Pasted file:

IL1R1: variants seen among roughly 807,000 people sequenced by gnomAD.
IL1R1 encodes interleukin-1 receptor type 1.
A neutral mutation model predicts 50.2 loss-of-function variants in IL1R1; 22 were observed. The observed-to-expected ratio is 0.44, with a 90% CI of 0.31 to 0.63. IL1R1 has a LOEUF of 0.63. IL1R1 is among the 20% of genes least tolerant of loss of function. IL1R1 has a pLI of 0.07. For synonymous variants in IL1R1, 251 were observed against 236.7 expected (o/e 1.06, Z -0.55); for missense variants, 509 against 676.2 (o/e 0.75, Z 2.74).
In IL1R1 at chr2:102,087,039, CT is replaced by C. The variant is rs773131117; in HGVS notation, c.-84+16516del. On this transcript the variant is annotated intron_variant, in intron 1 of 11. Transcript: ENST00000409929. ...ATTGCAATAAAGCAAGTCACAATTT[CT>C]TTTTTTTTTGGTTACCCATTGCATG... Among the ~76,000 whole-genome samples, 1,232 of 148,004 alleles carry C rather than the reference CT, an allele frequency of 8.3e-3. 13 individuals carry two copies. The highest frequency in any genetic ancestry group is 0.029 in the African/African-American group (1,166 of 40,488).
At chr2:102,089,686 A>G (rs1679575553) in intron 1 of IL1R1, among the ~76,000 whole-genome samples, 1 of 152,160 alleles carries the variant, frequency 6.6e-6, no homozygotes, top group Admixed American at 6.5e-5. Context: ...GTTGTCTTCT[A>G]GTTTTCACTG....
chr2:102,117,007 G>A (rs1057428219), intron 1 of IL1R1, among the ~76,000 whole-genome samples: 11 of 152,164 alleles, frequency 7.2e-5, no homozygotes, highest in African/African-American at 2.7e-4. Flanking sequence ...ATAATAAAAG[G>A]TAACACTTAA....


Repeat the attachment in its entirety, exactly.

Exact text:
IL1R1: variants seen among roughly 807,000 people sequenced by gnomAD.
IL1R1 encodes interleukin-1 receptor type 1.
A neutral mutation model predicts 50.2 loss-of-function variants in IL1R1; 22 were observed. The observed-to-expected ratio is 0.44, with a 90% CI of 0.31 to 0.63. IL1R1 has a LOEUF of 0.63. IL1R1 is among the 20% of genes least tolerant of loss of function. IL1R1 has a pLI of 0.07. For synonymous variants in IL1R1, 251 were observed against 236.7 expected (o/e 1.06, Z -0.55); for missense variants, 509 against 676.2 (o/e 0.75, Z 2.74).
In IL1R1 at chr2:102,087,039, CT is replaced by C. The variant is rs773131117; in HGVS notation, c.-84+16516del. On this transcript the variant is annotated intron_variant, in intron 1 of 11. Transcript: ENST00000409929. ...ATTGCAATAAAGCAAGTCACAATTT[CT>C]TTTTTTTTTGGTTACCCATTGCATG... Among the ~76,000 whole-genome samples, 1,232 of 148,004 alleles carry C rather than the reference CT, an allele frequency of 8.3e-3. 13 individuals carry two copies. The highest frequency in any genetic ancestry group is 0.029 in the African/African-American group (1,166 of 40,488).
At chr2:102,089,686 A>G (rs1679575553) in intron 1 of IL1R1, among the ~76,000 whole-genome samples, 1 of 152,160 alleles carries the variant, frequency 6.6e-6, no homozygotes, top group Admixed American at 6.5e-5. Context: ...GTTGTCTTCT[A>G]GTTTTCACTG....
chr2:102,117,007 G>A (rs1057428219), intron 1 of IL1R1, among the ~76,000 whole-genome samples: 11 of 152,164 alleles, frequency 7.2e-5, no homozygotes, highest in African/African-American at 2.7e-4. Flanking sequence ...ATAATAAAAG[G>A]TAACACTTAA....